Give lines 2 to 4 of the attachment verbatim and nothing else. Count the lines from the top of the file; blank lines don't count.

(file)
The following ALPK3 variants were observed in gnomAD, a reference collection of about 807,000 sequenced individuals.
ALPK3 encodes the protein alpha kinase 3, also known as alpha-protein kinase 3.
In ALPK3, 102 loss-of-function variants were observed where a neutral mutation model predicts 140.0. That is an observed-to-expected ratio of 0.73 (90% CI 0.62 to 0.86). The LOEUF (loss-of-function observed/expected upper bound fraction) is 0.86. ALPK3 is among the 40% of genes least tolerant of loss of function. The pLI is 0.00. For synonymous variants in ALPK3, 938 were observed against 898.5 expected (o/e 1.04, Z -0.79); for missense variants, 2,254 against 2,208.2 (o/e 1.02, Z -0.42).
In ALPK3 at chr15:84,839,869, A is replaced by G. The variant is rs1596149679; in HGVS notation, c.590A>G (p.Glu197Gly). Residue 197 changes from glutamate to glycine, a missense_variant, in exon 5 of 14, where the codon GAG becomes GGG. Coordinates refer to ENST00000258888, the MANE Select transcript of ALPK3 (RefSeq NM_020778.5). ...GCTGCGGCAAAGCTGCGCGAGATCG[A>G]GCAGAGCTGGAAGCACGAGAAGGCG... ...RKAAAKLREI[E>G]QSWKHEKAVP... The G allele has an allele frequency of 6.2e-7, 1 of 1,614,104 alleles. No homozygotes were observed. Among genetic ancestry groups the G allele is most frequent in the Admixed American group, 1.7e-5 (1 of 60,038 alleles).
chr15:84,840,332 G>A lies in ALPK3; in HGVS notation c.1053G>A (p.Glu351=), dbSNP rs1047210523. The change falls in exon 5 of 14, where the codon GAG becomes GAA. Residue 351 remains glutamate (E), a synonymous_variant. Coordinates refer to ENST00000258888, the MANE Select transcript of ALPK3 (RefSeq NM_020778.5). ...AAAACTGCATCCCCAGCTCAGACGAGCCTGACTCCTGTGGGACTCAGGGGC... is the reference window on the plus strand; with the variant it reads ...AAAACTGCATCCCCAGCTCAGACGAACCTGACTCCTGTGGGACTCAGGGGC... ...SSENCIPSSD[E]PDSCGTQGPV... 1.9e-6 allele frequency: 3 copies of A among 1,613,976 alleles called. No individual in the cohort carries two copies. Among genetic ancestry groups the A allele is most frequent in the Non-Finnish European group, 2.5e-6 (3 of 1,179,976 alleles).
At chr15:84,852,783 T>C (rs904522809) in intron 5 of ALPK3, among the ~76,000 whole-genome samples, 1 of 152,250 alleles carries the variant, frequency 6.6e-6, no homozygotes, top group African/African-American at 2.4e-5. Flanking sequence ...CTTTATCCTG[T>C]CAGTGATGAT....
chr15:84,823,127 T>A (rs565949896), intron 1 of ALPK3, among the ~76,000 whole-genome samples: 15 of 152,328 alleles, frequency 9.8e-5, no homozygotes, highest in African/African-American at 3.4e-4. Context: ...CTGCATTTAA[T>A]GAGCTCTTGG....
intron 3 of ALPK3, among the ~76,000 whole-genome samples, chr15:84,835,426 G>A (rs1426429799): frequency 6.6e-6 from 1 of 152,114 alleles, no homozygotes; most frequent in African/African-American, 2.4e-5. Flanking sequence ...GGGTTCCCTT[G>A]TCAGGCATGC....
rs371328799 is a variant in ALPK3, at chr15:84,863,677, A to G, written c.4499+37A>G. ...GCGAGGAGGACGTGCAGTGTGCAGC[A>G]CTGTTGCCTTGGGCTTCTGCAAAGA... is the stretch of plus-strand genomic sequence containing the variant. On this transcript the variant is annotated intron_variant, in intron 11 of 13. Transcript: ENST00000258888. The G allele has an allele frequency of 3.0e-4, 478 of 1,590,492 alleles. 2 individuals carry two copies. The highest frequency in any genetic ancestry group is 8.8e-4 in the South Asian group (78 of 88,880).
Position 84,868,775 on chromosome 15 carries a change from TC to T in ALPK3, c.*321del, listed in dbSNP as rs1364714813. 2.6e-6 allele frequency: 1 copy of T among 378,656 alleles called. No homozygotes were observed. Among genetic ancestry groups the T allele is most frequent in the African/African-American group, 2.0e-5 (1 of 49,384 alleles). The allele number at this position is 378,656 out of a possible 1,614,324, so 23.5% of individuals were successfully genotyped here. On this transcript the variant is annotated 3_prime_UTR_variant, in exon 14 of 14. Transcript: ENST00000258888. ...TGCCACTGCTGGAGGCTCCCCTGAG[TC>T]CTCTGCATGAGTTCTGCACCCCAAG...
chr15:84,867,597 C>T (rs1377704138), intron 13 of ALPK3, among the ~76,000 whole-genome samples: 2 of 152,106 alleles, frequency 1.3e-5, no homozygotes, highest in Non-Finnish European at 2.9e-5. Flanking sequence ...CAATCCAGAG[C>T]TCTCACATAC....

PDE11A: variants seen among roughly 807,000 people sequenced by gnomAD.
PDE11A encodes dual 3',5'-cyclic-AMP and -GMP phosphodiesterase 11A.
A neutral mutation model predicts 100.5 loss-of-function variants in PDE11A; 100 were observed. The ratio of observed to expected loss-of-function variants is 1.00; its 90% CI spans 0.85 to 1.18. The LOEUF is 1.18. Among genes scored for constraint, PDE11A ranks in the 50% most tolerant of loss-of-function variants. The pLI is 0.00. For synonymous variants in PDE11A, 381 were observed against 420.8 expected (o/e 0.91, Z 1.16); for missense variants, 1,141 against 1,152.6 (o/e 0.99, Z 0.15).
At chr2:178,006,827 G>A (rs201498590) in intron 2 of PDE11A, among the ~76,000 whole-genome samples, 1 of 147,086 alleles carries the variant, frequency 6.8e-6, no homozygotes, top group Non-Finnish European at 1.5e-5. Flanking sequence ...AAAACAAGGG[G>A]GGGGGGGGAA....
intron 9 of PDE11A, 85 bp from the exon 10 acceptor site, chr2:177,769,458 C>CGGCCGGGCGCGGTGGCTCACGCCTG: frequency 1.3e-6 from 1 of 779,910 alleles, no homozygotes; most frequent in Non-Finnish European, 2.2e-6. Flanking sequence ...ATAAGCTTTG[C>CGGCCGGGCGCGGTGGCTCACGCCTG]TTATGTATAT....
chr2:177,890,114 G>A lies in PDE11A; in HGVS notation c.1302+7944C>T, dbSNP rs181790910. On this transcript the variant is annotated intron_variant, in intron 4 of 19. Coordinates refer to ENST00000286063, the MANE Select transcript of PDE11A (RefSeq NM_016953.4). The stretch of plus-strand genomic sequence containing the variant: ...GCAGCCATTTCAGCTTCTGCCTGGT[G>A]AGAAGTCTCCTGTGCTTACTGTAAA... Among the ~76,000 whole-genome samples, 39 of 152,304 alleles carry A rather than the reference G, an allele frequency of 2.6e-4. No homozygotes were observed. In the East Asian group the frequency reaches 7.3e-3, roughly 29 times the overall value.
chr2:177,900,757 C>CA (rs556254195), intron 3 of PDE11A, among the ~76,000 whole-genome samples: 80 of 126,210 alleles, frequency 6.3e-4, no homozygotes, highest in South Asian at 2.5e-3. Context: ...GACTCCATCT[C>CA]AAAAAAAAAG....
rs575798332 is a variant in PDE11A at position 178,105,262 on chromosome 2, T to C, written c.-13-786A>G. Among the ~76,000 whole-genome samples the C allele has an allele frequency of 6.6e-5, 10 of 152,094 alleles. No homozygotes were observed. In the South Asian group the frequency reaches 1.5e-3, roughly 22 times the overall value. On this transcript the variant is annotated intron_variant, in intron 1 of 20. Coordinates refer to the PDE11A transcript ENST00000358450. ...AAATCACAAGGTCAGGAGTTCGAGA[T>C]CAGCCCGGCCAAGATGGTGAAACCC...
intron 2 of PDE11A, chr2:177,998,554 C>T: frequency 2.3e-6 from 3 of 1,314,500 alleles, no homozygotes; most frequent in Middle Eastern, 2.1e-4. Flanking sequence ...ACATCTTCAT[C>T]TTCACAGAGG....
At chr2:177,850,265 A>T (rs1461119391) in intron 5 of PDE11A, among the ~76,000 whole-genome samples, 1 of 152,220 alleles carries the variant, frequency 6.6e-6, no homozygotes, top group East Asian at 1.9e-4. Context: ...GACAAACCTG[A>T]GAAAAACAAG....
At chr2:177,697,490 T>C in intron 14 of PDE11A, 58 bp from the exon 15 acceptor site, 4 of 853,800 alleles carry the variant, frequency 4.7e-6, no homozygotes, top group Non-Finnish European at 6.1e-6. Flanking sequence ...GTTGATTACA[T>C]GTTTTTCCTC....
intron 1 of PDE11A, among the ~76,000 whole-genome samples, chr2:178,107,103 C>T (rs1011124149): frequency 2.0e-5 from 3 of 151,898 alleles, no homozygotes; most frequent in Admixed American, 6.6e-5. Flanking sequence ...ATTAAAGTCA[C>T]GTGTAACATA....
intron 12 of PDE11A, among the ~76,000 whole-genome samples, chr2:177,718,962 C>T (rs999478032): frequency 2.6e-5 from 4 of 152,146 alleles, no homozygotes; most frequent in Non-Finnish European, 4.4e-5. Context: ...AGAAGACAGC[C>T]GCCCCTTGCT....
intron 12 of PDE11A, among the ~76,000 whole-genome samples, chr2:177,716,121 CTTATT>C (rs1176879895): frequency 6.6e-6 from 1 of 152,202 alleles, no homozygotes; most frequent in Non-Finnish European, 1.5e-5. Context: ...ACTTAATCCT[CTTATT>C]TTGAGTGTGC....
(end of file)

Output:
ALPK3 encodes the protein alpha kinase 3, also known as alpha-protein kinase 3.
In ALPK3, 102 loss-of-function variants were observed where a neutral mutation model predicts 140.0. That is an observed-to-expected ratio of 0.73 (90% CI 0.62 to 0.86). The LOEUF (loss-of-function observed/expected upper bound fraction) is 0.86. ALPK3 is among the 40% of genes least tolerant of loss of function. The pLI is 0.00. For synonymous variants in ALPK3, 938 were observed against 898.5 expected (o/e 1.04, Z -0.79); for missense variants, 2,254 against 2,208.2 (o/e 1.02, Z -0.42).
In ALPK3 at chr15:84,839,869, A is replaced by G. The variant is rs1596149679; in HGVS notation, c.590A>G (p.Glu197Gly). Residue 197 changes from glutamate to glycine, a missense_variant, in exon 5 of 14, where the codon GAG becomes GGG. Coordinates refer to ENST00000258888, the MANE Select transcript of ALPK3 (RefSeq NM_020778.5). ...GCTGCGGCAAAGCTGCGCGAGATCG[A>G]GCAGAGCTGGAAGCACGAGAAGGCG... ...RKAAAKLREI[E>G]QSWKHEKAVP... The G allele has an allele frequency of 6.2e-7, 1 of 1,614,104 alleles. No homozygotes were observed. Among genetic ancestry groups the G allele is most frequent in the Admixed American group, 1.7e-5 (1 of 60,038 alleles).